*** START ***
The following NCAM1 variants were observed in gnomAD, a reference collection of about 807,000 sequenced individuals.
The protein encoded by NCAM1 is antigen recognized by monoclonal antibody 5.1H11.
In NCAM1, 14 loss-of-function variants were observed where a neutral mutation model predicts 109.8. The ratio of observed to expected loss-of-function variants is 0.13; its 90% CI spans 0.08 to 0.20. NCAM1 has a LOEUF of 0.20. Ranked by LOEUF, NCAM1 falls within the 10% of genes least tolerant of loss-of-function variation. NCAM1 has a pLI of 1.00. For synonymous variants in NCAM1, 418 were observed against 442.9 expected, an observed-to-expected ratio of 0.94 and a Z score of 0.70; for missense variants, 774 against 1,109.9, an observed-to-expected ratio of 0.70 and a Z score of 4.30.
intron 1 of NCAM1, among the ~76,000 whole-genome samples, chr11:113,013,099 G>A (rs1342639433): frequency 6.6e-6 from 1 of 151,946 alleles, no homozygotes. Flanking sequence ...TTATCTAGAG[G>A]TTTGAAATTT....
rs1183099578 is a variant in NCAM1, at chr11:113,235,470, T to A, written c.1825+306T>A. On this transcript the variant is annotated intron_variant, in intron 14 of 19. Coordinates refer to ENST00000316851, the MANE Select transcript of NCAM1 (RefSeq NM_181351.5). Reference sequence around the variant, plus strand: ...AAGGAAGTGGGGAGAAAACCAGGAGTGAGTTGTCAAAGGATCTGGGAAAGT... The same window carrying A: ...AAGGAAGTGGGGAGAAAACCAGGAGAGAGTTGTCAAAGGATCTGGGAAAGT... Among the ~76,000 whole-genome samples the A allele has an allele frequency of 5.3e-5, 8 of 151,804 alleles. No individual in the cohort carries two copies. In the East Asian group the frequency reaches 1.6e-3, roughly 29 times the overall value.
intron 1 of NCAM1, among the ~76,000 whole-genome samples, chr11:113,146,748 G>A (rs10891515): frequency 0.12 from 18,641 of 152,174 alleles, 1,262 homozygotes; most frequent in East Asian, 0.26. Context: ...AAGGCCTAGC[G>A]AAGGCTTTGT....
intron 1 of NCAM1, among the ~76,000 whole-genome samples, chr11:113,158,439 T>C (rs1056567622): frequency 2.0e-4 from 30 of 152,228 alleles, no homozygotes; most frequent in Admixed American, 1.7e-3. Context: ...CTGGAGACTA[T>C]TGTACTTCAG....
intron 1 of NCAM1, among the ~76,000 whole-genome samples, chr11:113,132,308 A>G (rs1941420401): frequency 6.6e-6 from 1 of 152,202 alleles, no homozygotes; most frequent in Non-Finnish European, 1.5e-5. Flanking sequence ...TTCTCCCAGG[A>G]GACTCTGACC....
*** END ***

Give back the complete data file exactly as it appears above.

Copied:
The following NCAM1 variants were observed in gnomAD, a reference collection of about 807,000 sequenced individuals.
The protein encoded by NCAM1 is antigen recognized by monoclonal antibody 5.1H11.
In NCAM1, 14 loss-of-function variants were observed where a neutral mutation model predicts 109.8. The ratio of observed to expected loss-of-function variants is 0.13; its 90% CI spans 0.08 to 0.20. NCAM1 has a LOEUF of 0.20. Ranked by LOEUF, NCAM1 falls within the 10% of genes least tolerant of loss-of-function variation. NCAM1 has a pLI of 1.00. For synonymous variants in NCAM1, 418 were observed against 442.9 expected, an observed-to-expected ratio of 0.94 and a Z score of 0.70; for missense variants, 774 against 1,109.9, an observed-to-expected ratio of 0.70 and a Z score of 4.30.
intron 1 of NCAM1, among the ~76,000 whole-genome samples, chr11:113,013,099 G>A (rs1342639433): frequency 6.6e-6 from 1 of 151,946 alleles, no homozygotes. Flanking sequence ...TTATCTAGAG[G>A]TTTGAAATTT....
rs1183099578 is a variant in NCAM1, at chr11:113,235,470, T to A, written c.1825+306T>A. On this transcript the variant is annotated intron_variant, in intron 14 of 19. Coordinates refer to ENST00000316851, the MANE Select transcript of NCAM1 (RefSeq NM_181351.5). Reference sequence around the variant, plus strand: ...AAGGAAGTGGGGAGAAAACCAGGAGTGAGTTGTCAAAGGATCTGGGAAAGT... The same window carrying A: ...AAGGAAGTGGGGAGAAAACCAGGAGAGAGTTGTCAAAGGATCTGGGAAAGT... Among the ~76,000 whole-genome samples the A allele has an allele frequency of 5.3e-5, 8 of 151,804 alleles. No individual in the cohort carries two copies. In the East Asian group the frequency reaches 1.6e-3, roughly 29 times the overall value.
intron 1 of NCAM1, among the ~76,000 whole-genome samples, chr11:113,146,748 G>A (rs10891515): frequency 0.12 from 18,641 of 152,174 alleles, 1,262 homozygotes; most frequent in East Asian, 0.26. Context: ...AAGGCCTAGC[G>A]AAGGCTTTGT....
intron 1 of NCAM1, among the ~76,000 whole-genome samples, chr11:113,158,439 T>C (rs1056567622): frequency 2.0e-4 from 30 of 152,228 alleles, no homozygotes; most frequent in Admixed American, 1.7e-3. Context: ...CTGGAGACTA[T>C]TGTACTTCAG....
intron 1 of NCAM1, among the ~76,000 whole-genome samples, chr11:113,132,308 A>G (rs1941420401): frequency 6.6e-6 from 1 of 152,202 alleles, no homozygotes; most frequent in Non-Finnish European, 1.5e-5. Flanking sequence ...TTCTCCCAGG[A>G]GACTCTGACC....